SAN DIEGO--All the Aggies were looking for was a little respect.
Entering the 1990 Sea World Holiday Bowl unranked despite an 8-3-1 record and a one-point loss at No. 4-ranked Texas to close out the regular season, Texas A&M had heard enough about BYU and their Heisman Trophy-winning quarterback Ty Detmer. The Cougars were entering the game off a big loss at Hawai'i that cost them a shot at the national championship.
An intriguing matchup on paper lived up to expectations very early in the contest as both teams scored on their first possessions. The Aggies who were supposed to run, run, run the ball, did so 11 times on a 13-play, 80-yard touchdown drive. The Cougars were supposed to ride Detmer's arm to victory--five passes on a 7-play, 65-yard march tied the score.
Then, a fierce maroon storm hit Jack Murphy Stadium, enveloping anything and everything wearing blue.
Touchdown, Darren Lewis. Touchdown, Bucky Richardson. Safety. Touchdown, Bucky Richardson. Touchdown, Shane Garrett.
Shelter came only at halftime, as a stunned and shell-shocked BYU squad went to the locker room staring a 30-point deficit in the face. The Aggies would pour it on some more after the break en route to a record-setting 65-14 victory over the Cougars before a sellout crowd of 61,441 in sunny San Diego.
"Without any question, it was our most complete football game of the year," A&M head coach R.C. Slocum said.
It was perhaps one of the most dominating bowl-game performances in college football history. Ten years later, A&M still holds the NCAA bowl game records for points by a winning team (65) and touchdowns (nine). The Aggies racked up 680 yards of total offense, tacked on 218 return yards and managed 28 first downs. BYU, who entered the game averaging 565 yards per game, was held to just 185.
So dominating was A&M's performance that Detmer would be forced from the game in the third quarter with a separated left--and right--shoulder. His streak of 300-yard passing games would come to an end at 25.
"They were coming hard, and we expected them to come hard," Detmer said. "We had some mixups and turned some people loose. You're not going to win if you don't execute.
"They played a great game and really got after us. They beat us bad."
A second half much like the first saw the Cougars score on their first possession when backup quarterback Joe Evans connected on his first pass of the game for a one-yard touchdown.
Bucky responded with a 27-yard scoring scamper late in the third, and Lewis followed with a 3-yard touchdown run of his own on the third play of the fourth quarter. Senior backup quarterback Lance Pavlas tossed touchdown passes of 14 and nine yards, respectively, to close out the scoring.
The Aggies, who entered the game with the nation's fourth-best rushing attack, looked to combat the deadly Detmer by keeping him off the field. To do so, they planned to grind out long, time-consuming drives on the ground.
Following the Cougars' tying touchdown in the first quarter, A&M would thwart a BYU drive on an interception by William Thomas. Lewis, the Southwest Conference's all-time leading rusher, would score four plays later from six yards out. From there, the Aggies would never look back.
Drives of 90 and 75 yards were capped by trick plays, the first of many A&M tossed at the Cougars. Sitting on the BYU 6-yard line midway through the second quarter, the Aggies brought in Pavlas at quarterback, who subsequently handed the ball off to Richardson. Faking a pitch, Bucky followed the blockers into the endzone for a 21-7 lead. After a safety increased the Aggie lead by two, Bucky caught a 22-yard touchdown pass from Lewis to make the score 30-7.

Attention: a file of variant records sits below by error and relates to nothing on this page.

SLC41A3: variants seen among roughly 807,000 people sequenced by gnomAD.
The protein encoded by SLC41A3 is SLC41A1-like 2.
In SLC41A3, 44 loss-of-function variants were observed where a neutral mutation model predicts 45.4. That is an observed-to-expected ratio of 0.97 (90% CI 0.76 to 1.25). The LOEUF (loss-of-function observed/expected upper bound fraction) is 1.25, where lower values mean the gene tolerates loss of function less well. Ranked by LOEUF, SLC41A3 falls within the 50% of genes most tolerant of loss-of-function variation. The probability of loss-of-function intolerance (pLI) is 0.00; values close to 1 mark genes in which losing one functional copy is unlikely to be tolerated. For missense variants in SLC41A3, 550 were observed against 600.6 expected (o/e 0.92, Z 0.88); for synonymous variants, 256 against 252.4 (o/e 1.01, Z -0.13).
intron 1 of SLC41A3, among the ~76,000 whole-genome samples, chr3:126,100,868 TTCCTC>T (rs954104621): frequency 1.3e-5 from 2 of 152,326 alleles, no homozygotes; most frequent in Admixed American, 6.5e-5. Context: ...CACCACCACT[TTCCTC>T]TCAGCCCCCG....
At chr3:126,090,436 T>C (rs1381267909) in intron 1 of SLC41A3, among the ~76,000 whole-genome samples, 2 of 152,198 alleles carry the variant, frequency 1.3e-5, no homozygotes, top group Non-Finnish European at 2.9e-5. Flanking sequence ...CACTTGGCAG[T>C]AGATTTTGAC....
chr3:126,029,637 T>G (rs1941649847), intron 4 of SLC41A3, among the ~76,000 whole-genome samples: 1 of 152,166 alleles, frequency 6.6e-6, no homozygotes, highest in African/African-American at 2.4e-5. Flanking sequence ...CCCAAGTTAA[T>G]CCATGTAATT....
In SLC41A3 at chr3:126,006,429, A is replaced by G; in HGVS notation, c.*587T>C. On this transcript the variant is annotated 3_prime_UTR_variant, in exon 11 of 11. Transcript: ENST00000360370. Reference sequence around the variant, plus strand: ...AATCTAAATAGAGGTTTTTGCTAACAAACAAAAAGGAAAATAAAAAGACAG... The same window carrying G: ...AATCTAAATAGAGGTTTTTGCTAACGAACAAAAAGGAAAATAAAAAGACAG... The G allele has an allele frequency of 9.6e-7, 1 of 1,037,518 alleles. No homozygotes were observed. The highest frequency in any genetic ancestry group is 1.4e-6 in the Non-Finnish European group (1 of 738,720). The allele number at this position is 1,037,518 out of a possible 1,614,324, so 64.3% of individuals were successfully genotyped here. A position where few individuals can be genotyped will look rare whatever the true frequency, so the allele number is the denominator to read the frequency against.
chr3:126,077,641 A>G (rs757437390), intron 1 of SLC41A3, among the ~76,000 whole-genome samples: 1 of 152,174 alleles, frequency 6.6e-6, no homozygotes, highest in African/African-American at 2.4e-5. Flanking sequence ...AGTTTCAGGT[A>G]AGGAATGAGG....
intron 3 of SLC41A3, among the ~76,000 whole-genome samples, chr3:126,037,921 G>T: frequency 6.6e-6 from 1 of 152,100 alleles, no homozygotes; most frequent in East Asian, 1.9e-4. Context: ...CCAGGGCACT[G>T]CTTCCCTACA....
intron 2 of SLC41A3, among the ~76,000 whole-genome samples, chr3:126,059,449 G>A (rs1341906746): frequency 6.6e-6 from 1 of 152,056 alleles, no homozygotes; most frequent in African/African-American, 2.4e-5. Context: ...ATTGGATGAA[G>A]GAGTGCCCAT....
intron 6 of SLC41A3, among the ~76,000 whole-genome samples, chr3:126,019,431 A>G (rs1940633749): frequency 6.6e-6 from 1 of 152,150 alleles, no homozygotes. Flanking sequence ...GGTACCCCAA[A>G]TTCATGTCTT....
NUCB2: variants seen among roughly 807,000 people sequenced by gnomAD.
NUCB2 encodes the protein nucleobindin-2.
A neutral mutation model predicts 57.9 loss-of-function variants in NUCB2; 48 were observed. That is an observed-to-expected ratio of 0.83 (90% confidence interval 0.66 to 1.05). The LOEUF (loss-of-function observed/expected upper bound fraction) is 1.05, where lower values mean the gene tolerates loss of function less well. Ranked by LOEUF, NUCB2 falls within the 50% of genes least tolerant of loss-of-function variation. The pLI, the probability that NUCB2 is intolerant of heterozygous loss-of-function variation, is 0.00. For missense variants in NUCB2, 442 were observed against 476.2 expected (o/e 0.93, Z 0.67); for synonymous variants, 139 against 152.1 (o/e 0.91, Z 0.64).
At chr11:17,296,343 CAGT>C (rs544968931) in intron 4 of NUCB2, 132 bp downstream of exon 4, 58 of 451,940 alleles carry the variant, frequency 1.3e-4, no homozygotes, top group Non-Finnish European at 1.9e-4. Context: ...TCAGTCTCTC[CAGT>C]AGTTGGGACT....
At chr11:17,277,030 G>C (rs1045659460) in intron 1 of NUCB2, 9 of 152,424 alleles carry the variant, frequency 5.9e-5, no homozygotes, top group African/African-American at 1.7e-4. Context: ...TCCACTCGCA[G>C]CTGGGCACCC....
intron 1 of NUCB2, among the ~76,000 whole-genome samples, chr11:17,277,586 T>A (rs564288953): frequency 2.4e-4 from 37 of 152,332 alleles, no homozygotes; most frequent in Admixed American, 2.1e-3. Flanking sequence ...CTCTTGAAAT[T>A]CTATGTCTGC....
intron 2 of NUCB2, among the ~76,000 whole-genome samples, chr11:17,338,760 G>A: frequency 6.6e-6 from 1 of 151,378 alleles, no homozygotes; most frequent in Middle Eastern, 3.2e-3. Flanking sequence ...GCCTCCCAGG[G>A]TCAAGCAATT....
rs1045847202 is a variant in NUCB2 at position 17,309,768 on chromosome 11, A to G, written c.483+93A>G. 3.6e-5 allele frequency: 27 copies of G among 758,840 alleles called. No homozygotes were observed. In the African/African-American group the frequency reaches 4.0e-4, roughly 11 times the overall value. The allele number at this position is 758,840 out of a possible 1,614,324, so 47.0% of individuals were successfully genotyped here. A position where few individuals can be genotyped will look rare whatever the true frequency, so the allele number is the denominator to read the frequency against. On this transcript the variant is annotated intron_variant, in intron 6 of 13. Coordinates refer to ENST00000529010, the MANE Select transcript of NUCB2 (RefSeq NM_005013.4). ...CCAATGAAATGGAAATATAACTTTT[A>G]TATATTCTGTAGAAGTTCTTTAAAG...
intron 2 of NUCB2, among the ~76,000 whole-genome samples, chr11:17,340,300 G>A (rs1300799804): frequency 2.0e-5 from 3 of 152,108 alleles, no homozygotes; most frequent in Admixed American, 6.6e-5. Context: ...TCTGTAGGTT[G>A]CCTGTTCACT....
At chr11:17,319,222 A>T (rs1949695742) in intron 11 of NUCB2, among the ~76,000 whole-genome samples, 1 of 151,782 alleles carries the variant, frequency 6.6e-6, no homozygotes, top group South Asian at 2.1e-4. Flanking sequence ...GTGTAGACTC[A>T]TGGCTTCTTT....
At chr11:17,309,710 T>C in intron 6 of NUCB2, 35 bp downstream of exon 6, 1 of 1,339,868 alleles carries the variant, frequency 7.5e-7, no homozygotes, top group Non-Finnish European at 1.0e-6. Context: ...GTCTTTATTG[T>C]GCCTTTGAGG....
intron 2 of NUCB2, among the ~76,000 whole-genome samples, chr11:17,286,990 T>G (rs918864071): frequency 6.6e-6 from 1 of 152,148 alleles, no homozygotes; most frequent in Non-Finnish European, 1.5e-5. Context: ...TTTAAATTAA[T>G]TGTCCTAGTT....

"We caught them off guard," Lewis said of his halfback pass to Richardson for a touchdown. "He was wide open. I just had to get it to him."
A fourth-down sack of Detmer set up A&M's final touchdown of the first half, as Richardson tossed a six-yard strike to Shane Garrett with 31 seconds to play.
Richardson, an easy choice for Offensive MVP, finished the evening with 344 total yards and four touchdowns. He rushed for 119 yards and two scores, completed 9-of-11 passes for 203 yards and a touchdown, and caught one for 22 yards and a score. Lewis broke the 100-yard barrier, racking up 104 yards on 25 carries with two touchdowns.
"Probably, yeah," Richardson said, when asked if it was the best game of his career. "I just go into every game trying to make all the right decisions and right reads. Things just fell right for me tonight. I was able to execute."
Thomas earned Defensive MVP honors, leading the way with six tackles (two for loss), two sacks and the interception. Quentin Coryatt also posted six tackles (three for loss) along with two sacks of his own. Kevin Smith notched four tackles, recovered a fumble and broke up three passes. The swarming Aggie defense had BYU on its heels all night, as the Cougars were held to minus-12 yards rushing. Detmer left the game in the third quarter 11-of-23 passing for 120 yards, a touchdown and an interception. BYU's total of 185 yards of offense was, at the time, the lowest in the game's 13-year history.
"We wanted it that way," Thomas said. "Ever since we got here, we've been disrespected. BYU called us small and not very physical. And we knew people had come to watch Mr. Heisman Trophy winner. We wanted to prove something--that we could play defense."
A&M's final three touchdowns came in the fourth quarter, two through the air. It was a fact that didn't sit well with BYU coach LaVell Edwards, who accused the Aggies of running up the score.
"There's been a lot of talk this week about us not being good enough to play in this football game," Slocum said. "I didn't want there to be any doubts about our being good enough for this game. I hope this (talk about running up the score) doesn't take away from our football team and the great football game they played."